ALBANY, N.Y. (AP) — Sixteen years after the disappearance of a University at Albany student, lawmakers are asking to update state law to require New York colleges and universities to inform law enforcement within 24 hours of a violent felony or a missing student.
The state Legislature passed the Campus Safety Act in 1999, a year after Suzanne Lyall disappeared. It requires colleges and universities to have plans for notifying local law enforcement of any violent felony offense or missing person on campus. But it didn’t require the schools to actually report such incidents to outside authorities.
The University at Albany and the State University of New York Cortland have their own police force on campus that investigates violent felonies. A spokesman for SUNY Cortland says the school’s police department has a memorandum of understanding between campus police and the city police department regarding the investigations.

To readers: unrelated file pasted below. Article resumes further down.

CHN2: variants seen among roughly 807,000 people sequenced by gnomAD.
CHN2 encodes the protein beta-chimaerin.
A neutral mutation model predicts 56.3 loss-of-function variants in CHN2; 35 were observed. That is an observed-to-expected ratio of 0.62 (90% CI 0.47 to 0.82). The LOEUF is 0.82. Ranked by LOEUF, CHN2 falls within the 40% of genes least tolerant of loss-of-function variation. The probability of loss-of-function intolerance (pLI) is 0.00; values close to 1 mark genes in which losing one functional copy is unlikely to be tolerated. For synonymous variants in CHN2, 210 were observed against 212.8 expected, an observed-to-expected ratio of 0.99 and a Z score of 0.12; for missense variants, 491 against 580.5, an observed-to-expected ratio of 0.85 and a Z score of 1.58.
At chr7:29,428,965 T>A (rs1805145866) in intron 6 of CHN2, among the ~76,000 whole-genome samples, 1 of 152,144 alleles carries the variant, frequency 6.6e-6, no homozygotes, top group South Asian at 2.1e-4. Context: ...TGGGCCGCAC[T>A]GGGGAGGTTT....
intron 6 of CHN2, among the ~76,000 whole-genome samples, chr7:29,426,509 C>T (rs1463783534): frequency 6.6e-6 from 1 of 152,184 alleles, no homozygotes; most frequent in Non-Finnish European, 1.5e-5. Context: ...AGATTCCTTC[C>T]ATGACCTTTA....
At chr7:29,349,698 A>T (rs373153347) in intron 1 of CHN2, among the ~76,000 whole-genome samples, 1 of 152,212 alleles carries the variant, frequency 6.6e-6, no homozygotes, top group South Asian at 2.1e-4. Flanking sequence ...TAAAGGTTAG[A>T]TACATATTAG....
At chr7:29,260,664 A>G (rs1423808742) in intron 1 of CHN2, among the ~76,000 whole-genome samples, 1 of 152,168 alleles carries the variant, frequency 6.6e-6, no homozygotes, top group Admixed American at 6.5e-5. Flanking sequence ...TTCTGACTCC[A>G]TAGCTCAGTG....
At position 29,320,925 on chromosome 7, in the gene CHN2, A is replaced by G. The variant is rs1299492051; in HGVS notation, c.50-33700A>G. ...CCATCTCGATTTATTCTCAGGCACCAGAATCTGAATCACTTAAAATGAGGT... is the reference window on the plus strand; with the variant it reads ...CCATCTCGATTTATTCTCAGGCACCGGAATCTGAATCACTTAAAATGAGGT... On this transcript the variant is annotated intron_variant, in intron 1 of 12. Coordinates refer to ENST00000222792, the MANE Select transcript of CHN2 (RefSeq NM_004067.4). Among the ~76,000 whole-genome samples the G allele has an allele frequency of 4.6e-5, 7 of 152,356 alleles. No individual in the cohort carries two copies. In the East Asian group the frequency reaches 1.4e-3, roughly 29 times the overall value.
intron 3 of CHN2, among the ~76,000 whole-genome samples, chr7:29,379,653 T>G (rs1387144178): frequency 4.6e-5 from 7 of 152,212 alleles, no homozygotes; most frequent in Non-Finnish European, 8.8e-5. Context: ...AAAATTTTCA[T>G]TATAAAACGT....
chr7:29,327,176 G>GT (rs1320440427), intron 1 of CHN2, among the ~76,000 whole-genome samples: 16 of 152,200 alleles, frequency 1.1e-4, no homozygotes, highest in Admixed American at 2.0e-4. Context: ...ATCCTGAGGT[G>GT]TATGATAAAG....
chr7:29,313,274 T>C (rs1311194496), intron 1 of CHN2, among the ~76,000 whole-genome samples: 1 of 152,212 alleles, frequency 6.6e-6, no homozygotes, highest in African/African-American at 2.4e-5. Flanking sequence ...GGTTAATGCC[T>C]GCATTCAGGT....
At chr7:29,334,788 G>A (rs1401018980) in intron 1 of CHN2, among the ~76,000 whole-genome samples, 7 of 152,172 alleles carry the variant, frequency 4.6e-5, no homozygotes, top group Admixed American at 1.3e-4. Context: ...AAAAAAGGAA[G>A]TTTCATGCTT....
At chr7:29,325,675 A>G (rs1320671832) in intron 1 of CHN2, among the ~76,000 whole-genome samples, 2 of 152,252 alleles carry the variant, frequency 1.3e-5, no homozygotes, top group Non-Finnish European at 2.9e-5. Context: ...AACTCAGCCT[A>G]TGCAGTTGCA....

Sarah Lawrence College and the Binghamton University, which are under investigation by the U.S. Department of Education for possible violations of federal law over the handling of sexual violence and harassment complaints, did not immediately respond to a question seeking comment on their protocol for investigating felonies.
Sen. Kathleen Marchione, a Republican from the Albany area and sponsor of the bill, said that her legislation will not interfere with the Federal Campus Sexual Assault Victims’ Bill of Rights, which gives the victim of a sexual offense the ability to choose whether or not to report the offense to the police.
In 2012, the University at Albany reported 10 forcible sex offenses on campus and SUNY Cortland reported two last year.
The Democrat-led Assembly passed the measure in early May, but after a month the Republican-led Senate has yet to take up the legislation it passed last year.
Scott Reif, a spokesman for the Republican conference, said the conference is looking at hundreds of bills before session concludes June 19 and is likely to pass the measure once again.